Majority or controlling shareholders sometimes use a statutory merger as a method for squeezing out or altering minority shareholder’s rights and preferences. New Jersey law provides a statutory procedure by which two or more corporations can be combined into a single corporation even if all of the shareholders do not agree with the merger. N.J.S.A. 14A:10-3. Under New Jersey law, the directors of the combining companies adopt a plan for merger, which sets forth the terms and conditions of the merger including the manner in which the shares of each of the constituent corporations are to be converted into shares, obligations, cash or other securities of the surviving corporation. N.J.S.A. 14A:10-2. The boards of directors then submits the plan to the shareholders of each constituent corporation. N.J.S.A. 14A:10-3. New Jersey law requires that the board of directors provide at least twenty (20) but no more than sixty (60) days notice to the shareholders before a shareholders’ meeting is scheduled to vote on the proposed merger. N.J.S.A. 14A:10-3(1). The notices to the shareholders must include: (1) a copy or summary of the plan of merger or consolidation; and (2) a statement informing the shareholders who do not agree with the merger or consolidation that they have the right to dissent and have their shares purchased by the corporation for “fair value.” N.J.S.A. 14A:10-3(1)(a)-(b).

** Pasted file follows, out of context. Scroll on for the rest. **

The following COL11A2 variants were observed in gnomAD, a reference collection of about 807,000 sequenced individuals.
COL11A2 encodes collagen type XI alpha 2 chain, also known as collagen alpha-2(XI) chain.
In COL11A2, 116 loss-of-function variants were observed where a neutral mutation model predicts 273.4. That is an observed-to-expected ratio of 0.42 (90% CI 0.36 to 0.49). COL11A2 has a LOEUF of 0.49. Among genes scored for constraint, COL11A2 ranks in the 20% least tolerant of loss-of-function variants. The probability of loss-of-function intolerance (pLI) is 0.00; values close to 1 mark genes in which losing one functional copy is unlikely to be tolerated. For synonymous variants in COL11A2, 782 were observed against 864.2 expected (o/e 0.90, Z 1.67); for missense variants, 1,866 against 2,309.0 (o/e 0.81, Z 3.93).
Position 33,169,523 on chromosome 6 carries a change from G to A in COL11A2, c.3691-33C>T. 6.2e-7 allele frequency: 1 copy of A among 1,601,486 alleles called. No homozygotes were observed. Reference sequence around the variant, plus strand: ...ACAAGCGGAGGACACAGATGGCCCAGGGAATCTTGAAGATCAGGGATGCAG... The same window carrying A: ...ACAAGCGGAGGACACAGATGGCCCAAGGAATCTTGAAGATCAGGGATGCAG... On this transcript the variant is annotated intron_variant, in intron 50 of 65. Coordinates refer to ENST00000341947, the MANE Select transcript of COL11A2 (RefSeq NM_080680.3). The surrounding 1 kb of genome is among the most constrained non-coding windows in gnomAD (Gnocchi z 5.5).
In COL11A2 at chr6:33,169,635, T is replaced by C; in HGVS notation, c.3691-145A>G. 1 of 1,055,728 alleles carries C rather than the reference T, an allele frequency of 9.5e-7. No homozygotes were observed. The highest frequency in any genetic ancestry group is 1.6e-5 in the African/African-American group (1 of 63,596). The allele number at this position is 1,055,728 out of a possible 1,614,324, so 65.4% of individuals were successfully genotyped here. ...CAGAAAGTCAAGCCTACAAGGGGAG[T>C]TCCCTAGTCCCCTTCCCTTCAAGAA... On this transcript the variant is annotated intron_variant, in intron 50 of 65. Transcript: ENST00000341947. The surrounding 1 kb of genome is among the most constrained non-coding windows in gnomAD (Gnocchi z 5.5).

Hence, mergers or consolidation can be used to eliminate minority shareholders. Fortunately, Courts have been willing to intervene to prevent fraudulent transactions. As discussed in previous blog postings, majority shareholders owe minority shareholders and the corporation certain fiduciary duties. Fortunately, New Jersey Courts have closely scrutinized mergers in which the majority shareholder’s conflict of interest produces benefits for the majority at the expense of the minority and the purpose of the merger was to get rid of the minority. Berkowitz v. Power/Mater Corp., 135 N.J. Super. 36 (Ch. Div. 1975); Outwater v. Public Service Corp. of New Jersey, 103 N.J. Eq. 461 (Ch. 1928), aff’d, 104 N.J. Eq. 490 (E & A 1929). The central factor Courts consider when determining whether or not to set aside a merger is: does the proposed merger have a valid business purpose? If it does, it will probably be upheld. If the Court finds that the merger did not have a valid business purpose it is subject to being disallowed.